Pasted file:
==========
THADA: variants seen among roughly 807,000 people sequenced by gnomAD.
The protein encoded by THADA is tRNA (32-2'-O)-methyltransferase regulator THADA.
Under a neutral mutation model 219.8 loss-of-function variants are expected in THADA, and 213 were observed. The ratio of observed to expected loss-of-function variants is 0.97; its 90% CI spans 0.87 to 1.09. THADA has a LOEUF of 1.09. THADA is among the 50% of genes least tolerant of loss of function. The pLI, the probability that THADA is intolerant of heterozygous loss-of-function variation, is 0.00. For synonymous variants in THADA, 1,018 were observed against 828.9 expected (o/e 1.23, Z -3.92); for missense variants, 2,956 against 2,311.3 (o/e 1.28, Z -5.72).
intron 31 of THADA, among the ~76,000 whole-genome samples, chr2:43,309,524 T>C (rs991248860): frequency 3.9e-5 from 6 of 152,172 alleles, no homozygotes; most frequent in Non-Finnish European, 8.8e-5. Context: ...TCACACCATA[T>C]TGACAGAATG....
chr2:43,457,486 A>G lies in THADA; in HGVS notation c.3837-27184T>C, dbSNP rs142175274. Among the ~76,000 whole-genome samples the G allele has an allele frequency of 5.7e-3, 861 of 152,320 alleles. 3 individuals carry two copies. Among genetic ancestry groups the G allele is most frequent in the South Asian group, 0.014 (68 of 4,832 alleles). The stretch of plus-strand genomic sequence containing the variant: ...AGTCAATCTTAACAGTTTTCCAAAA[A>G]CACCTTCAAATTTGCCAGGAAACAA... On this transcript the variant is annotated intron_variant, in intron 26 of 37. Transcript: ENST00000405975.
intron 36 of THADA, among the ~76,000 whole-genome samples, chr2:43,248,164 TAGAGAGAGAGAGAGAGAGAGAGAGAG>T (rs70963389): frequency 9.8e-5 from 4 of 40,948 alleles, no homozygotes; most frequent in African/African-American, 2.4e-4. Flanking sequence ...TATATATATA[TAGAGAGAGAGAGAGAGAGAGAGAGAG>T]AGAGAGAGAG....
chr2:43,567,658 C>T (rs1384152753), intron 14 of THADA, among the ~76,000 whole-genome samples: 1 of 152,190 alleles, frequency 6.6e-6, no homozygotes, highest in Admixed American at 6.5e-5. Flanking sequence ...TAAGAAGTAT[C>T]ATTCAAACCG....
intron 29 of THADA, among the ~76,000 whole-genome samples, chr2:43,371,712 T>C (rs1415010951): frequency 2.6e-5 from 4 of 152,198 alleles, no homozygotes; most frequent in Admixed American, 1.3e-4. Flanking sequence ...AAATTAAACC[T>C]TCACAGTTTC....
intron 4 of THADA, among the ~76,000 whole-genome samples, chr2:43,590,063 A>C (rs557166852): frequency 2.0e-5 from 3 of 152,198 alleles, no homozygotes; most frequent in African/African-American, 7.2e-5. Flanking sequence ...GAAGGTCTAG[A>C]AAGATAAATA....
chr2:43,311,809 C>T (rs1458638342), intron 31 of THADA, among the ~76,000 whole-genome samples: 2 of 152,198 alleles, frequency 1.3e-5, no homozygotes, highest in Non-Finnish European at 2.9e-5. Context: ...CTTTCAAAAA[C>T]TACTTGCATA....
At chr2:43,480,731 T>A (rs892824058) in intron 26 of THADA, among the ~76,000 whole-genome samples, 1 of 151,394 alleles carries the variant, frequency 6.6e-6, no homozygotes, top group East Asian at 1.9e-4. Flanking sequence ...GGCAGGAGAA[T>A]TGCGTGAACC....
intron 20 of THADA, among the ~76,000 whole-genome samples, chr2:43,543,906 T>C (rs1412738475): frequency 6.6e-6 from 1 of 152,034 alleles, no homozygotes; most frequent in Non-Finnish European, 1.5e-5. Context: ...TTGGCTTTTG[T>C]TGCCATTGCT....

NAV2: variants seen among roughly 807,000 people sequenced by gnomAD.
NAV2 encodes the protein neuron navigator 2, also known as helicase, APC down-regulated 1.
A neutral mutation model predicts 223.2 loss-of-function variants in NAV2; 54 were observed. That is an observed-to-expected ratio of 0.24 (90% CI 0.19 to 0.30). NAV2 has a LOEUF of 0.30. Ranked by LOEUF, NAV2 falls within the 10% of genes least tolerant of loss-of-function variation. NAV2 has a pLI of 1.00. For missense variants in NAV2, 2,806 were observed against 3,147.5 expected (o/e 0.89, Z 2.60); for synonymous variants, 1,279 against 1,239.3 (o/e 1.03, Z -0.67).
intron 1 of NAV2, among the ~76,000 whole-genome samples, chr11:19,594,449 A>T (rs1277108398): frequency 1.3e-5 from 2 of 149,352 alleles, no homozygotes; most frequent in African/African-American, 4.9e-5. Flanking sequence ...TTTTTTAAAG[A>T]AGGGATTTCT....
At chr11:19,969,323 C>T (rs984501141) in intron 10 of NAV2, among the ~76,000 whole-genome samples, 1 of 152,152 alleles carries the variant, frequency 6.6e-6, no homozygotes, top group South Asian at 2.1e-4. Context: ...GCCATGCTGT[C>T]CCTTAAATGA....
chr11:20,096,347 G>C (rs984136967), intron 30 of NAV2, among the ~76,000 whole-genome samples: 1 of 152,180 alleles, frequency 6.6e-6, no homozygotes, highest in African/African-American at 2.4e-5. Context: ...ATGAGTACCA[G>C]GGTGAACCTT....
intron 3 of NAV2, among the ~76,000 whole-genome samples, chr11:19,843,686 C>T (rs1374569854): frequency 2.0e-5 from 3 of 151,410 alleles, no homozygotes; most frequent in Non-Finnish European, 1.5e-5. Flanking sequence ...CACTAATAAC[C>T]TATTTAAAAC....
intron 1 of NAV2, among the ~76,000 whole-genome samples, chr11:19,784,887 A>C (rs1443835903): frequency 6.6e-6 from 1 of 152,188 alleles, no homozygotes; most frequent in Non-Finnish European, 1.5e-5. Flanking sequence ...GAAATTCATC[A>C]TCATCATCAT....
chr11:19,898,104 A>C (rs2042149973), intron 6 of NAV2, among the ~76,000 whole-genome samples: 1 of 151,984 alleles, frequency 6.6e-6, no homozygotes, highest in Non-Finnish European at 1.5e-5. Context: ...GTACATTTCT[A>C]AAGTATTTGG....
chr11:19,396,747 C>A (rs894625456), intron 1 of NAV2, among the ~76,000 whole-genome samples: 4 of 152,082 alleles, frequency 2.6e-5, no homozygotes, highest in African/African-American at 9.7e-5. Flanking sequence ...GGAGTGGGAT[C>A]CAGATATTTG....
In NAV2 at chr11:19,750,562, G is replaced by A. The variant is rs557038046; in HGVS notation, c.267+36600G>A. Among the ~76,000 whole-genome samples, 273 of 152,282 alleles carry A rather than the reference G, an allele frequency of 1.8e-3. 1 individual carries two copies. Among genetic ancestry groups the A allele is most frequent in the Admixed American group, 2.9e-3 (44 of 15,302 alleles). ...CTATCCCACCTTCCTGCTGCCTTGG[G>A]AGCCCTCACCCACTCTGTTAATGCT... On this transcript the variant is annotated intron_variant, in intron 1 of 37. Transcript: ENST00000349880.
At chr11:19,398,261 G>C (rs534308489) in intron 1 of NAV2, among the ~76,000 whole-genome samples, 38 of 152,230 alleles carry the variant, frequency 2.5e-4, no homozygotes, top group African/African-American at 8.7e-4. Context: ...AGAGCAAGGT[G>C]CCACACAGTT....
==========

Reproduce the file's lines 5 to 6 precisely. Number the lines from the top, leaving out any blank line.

chr2:43,457,486 A>G lies in THADA; in HGVS notation c.3837-27184T>C, dbSNP rs142175274. Among the ~76,000 whole-genome samples the G allele has an allele frequency of 5.7e-3, 861 of 152,320 alleles. 3 individuals carry two copies. Among genetic ancestry groups the G allele is most frequent in the South Asian group, 0.014 (68 of 4,832 alleles). The stretch of plus-strand genomic sequence containing the variant: ...AGTCAATCTTAACAGTTTTCCAAAA[A>G]CACCTTCAAATTTGCCAGGAAACAA... On this transcript the variant is annotated intron_variant, in intron 26 of 37. Transcript: ENST00000405975.
intron 36 of THADA, among the ~76,000 whole-genome samples, chr2:43,248,164 TAGAGAGAGAGAGAGAGAGAGAGAGAG>T (rs70963389): frequency 9.8e-5 from 4 of 40,948 alleles, no homozygotes; most frequent in African/African-American, 2.4e-4. Flanking sequence ...TATATATATA[TAGAGAGAGAGAGAGAGAGAGAGAGAG>T]AGAGAGAGAG....